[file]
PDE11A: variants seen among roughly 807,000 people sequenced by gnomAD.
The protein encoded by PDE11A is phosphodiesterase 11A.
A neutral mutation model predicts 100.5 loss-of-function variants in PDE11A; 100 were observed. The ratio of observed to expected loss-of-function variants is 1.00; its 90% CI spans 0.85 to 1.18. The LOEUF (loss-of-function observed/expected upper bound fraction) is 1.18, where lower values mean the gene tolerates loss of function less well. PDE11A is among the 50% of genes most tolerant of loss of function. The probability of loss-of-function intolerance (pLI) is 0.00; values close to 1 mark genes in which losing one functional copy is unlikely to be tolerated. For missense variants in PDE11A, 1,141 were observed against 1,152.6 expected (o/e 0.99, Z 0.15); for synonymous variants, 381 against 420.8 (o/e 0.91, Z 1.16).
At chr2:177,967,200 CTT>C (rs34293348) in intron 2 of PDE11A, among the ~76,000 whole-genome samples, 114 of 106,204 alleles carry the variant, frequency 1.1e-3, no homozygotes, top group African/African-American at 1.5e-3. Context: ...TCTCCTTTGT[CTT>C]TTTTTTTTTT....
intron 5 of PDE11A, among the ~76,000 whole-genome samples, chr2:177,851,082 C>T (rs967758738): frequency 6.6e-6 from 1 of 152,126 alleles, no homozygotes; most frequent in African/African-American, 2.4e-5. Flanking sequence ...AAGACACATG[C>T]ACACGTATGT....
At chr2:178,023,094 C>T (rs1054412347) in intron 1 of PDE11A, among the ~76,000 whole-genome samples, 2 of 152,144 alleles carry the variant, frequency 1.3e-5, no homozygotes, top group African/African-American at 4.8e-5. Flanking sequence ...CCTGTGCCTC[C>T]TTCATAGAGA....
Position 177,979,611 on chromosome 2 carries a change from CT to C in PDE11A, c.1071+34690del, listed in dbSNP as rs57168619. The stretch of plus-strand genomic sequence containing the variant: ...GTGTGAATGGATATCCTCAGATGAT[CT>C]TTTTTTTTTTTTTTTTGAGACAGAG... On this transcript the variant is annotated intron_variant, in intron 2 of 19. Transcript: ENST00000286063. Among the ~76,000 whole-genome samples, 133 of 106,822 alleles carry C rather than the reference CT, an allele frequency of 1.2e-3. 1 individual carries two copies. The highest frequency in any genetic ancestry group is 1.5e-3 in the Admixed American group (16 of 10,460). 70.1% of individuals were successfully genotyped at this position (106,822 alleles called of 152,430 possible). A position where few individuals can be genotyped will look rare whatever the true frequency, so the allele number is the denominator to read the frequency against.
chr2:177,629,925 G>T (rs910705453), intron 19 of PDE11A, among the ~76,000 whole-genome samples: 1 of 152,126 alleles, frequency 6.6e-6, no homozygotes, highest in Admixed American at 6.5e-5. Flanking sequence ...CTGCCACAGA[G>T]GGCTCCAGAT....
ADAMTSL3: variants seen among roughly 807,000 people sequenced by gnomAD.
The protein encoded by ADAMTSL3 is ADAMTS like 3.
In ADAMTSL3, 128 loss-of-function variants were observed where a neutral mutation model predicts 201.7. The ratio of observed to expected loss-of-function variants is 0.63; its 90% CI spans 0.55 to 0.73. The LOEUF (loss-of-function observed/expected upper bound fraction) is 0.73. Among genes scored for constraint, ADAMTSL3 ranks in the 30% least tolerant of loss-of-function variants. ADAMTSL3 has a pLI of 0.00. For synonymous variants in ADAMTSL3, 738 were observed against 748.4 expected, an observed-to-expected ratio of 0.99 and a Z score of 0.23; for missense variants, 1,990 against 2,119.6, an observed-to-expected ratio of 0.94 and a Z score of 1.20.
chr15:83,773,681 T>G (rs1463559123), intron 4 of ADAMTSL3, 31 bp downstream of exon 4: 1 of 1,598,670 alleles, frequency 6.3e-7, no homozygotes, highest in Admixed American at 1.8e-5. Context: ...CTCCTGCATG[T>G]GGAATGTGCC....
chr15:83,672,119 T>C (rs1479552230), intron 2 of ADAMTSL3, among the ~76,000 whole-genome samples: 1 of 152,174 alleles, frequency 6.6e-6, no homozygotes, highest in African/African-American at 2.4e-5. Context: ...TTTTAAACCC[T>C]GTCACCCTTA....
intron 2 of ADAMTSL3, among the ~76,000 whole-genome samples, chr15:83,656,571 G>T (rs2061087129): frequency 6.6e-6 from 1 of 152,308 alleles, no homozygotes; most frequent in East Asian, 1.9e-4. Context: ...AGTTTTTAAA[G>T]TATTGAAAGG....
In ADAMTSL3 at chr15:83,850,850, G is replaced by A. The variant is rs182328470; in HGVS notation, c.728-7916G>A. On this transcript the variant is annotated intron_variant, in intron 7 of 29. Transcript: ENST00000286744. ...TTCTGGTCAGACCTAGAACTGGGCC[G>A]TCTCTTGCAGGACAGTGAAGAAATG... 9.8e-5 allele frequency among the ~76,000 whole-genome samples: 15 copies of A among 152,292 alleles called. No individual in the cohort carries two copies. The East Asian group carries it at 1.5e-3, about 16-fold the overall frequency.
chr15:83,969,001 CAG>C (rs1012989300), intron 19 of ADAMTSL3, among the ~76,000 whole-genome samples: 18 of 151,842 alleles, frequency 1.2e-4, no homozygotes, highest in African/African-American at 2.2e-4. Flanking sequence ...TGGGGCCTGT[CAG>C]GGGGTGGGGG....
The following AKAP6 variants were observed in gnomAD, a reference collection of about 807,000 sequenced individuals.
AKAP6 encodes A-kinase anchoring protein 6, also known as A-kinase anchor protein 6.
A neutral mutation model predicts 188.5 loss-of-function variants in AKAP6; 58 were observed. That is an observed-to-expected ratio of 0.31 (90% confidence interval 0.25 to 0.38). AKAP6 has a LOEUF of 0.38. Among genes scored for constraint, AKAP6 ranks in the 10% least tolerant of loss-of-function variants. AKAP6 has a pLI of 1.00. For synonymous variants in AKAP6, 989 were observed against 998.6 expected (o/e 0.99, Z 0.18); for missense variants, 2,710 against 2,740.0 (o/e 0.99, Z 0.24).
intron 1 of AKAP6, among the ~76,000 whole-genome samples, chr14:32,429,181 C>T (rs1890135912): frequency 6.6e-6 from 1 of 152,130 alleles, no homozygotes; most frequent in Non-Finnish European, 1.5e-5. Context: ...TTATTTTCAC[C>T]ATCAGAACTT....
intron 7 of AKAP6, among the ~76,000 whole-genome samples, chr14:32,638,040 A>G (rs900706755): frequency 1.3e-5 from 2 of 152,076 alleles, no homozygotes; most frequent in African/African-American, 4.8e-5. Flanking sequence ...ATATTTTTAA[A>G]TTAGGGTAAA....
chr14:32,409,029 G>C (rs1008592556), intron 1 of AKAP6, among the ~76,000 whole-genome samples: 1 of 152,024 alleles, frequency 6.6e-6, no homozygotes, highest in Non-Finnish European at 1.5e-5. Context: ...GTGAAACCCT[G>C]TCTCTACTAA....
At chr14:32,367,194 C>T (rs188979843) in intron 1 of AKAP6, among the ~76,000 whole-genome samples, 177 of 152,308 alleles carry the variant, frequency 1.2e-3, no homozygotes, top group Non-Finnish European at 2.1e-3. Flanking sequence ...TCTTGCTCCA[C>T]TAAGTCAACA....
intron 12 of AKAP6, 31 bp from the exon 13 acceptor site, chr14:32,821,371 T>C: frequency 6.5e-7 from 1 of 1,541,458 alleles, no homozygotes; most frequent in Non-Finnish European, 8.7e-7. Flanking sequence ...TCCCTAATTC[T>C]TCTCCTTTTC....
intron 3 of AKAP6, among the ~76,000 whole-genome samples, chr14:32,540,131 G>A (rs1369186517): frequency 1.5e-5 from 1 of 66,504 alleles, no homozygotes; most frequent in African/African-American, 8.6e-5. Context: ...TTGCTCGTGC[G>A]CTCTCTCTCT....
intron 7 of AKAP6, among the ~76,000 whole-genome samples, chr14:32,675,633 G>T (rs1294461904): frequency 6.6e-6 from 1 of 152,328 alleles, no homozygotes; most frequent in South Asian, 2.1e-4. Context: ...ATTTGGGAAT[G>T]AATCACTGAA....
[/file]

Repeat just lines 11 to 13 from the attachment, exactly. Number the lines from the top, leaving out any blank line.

In ADAMTSL3, 128 loss-of-function variants were observed where a neutral mutation model predicts 201.7. The ratio of observed to expected loss-of-function variants is 0.63; its 90% CI spans 0.55 to 0.73. The LOEUF (loss-of-function observed/expected upper bound fraction) is 0.73. Among genes scored for constraint, ADAMTSL3 ranks in the 30% least tolerant of loss-of-function variants. ADAMTSL3 has a pLI of 0.00. For synonymous variants in ADAMTSL3, 738 were observed against 748.4 expected, an observed-to-expected ratio of 0.99 and a Z score of 0.23; for missense variants, 1,990 against 2,119.6, an observed-to-expected ratio of 0.94 and a Z score of 1.20.
chr15:83,773,681 T>G (rs1463559123), intron 4 of ADAMTSL3, 31 bp downstream of exon 4: 1 of 1,598,670 alleles, frequency 6.3e-7, no homozygotes, highest in Admixed American at 1.8e-5. Context: ...CTCCTGCATG[T>G]GGAATGTGCC....
chr15:83,672,119 T>C (rs1479552230), intron 2 of ADAMTSL3, among the ~76,000 whole-genome samples: 1 of 152,174 alleles, frequency 6.6e-6, no homozygotes, highest in African/African-American at 2.4e-5. Context: ...TTTTAAACCC[T>C]GTCACCCTTA....